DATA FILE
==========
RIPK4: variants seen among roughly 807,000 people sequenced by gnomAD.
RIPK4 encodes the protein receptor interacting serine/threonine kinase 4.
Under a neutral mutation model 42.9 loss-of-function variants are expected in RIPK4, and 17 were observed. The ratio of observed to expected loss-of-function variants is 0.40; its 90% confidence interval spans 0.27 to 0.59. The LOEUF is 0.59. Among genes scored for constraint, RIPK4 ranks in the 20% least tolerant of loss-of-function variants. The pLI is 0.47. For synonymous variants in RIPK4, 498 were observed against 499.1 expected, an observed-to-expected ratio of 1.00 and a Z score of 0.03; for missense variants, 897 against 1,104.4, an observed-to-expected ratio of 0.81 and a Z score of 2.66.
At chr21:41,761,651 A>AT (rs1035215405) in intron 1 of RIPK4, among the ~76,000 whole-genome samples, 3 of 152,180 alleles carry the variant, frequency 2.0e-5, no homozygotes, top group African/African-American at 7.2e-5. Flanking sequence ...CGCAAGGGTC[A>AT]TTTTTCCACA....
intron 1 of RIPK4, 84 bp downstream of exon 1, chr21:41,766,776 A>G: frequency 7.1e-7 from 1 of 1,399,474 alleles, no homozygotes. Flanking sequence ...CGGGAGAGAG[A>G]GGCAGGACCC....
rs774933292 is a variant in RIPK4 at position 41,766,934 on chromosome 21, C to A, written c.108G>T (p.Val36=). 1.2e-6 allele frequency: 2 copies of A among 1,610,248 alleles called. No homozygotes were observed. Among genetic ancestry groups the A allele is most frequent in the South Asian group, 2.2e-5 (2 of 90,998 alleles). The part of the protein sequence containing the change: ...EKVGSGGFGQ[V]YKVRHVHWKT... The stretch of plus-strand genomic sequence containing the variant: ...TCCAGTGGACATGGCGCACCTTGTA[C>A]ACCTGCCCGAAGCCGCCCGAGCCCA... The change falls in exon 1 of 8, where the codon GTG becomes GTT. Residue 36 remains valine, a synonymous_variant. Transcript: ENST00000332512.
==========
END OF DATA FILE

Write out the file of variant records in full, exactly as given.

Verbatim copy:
RIPK4: variants seen among roughly 807,000 people sequenced by gnomAD.
RIPK4 encodes the protein receptor interacting serine/threonine kinase 4.
Under a neutral mutation model 42.9 loss-of-function variants are expected in RIPK4, and 17 were observed. The ratio of observed to expected loss-of-function variants is 0.40; its 90% confidence interval spans 0.27 to 0.59. The LOEUF is 0.59. Among genes scored for constraint, RIPK4 ranks in the 20% least tolerant of loss-of-function variants. The pLI is 0.47. For synonymous variants in RIPK4, 498 were observed against 499.1 expected, an observed-to-expected ratio of 1.00 and a Z score of 0.03; for missense variants, 897 against 1,104.4, an observed-to-expected ratio of 0.81 and a Z score of 2.66.
At chr21:41,761,651 A>AT (rs1035215405) in intron 1 of RIPK4, among the ~76,000 whole-genome samples, 3 of 152,180 alleles carry the variant, frequency 2.0e-5, no homozygotes, top group African/African-American at 7.2e-5. Flanking sequence ...CGCAAGGGTC[A>AT]TTTTTCCACA....
intron 1 of RIPK4, 84 bp downstream of exon 1, chr21:41,766,776 A>G: frequency 7.1e-7 from 1 of 1,399,474 alleles, no homozygotes. Flanking sequence ...CGGGAGAGAG[A>G]GGCAGGACCC....
rs774933292 is a variant in RIPK4 at position 41,766,934 on chromosome 21, C to A, written c.108G>T (p.Val36=). 1.2e-6 allele frequency: 2 copies of A among 1,610,248 alleles called. No homozygotes were observed. Among genetic ancestry groups the A allele is most frequent in the South Asian group, 2.2e-5 (2 of 90,998 alleles). The part of the protein sequence containing the change: ...EKVGSGGFGQ[V]YKVRHVHWKT... The stretch of plus-strand genomic sequence containing the variant: ...TCCAGTGGACATGGCGCACCTTGTA[C>A]ACCTGCCCGAAGCCGCCCGAGCCCA... The change falls in exon 1 of 8, where the codon GTG becomes GTT. Residue 36 remains valine, a synonymous_variant. Transcript: ENST00000332512.